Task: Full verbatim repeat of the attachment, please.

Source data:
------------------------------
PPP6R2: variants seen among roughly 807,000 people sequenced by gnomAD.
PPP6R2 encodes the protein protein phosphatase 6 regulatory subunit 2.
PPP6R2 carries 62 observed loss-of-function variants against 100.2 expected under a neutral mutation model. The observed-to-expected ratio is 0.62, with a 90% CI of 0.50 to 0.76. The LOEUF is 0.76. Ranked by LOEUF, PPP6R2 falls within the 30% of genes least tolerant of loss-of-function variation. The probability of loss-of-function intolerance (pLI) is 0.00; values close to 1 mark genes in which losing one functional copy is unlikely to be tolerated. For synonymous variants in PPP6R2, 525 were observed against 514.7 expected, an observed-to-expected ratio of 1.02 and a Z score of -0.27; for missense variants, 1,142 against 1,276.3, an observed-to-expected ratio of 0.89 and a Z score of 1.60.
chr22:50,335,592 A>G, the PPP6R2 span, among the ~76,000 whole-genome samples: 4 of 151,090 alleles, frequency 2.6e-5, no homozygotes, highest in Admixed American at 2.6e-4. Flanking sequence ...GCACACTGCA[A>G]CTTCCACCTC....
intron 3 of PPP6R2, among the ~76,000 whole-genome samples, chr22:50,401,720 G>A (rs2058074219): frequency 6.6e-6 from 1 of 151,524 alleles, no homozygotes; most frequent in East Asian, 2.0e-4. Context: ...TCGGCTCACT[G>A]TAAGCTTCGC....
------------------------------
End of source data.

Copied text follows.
PPP6R2: variants seen among roughly 807,000 people sequenced by gnomAD.
PPP6R2 encodes the protein protein phosphatase 6 regulatory subunit 2.
PPP6R2 carries 62 observed loss-of-function variants against 100.2 expected under a neutral mutation model. The observed-to-expected ratio is 0.62, with a 90% CI of 0.50 to 0.76. The LOEUF is 0.76. Ranked by LOEUF, PPP6R2 falls within the 30% of genes least tolerant of loss-of-function variation. The probability of loss-of-function intolerance (pLI) is 0.00; values close to 1 mark genes in which losing one functional copy is unlikely to be tolerated. For synonymous variants in PPP6R2, 525 were observed against 514.7 expected, an observed-to-expected ratio of 1.02 and a Z score of -0.27; for missense variants, 1,142 against 1,276.3, an observed-to-expected ratio of 0.89 and a Z score of 1.60.
chr22:50,335,592 A>G, the PPP6R2 span, among the ~76,000 whole-genome samples: 4 of 151,090 alleles, frequency 2.6e-5, no homozygotes, highest in Admixed American at 2.6e-4. Flanking sequence ...GCACACTGCA[A>G]CTTCCACCTC....
intron 3 of PPP6R2, among the ~76,000 whole-genome samples, chr22:50,401,720 G>A (rs2058074219): frequency 6.6e-6 from 1 of 151,524 alleles, no homozygotes; most frequent in East Asian, 2.0e-4. Context: ...TCGGCTCACT[G>A]TAAGCTTCGC....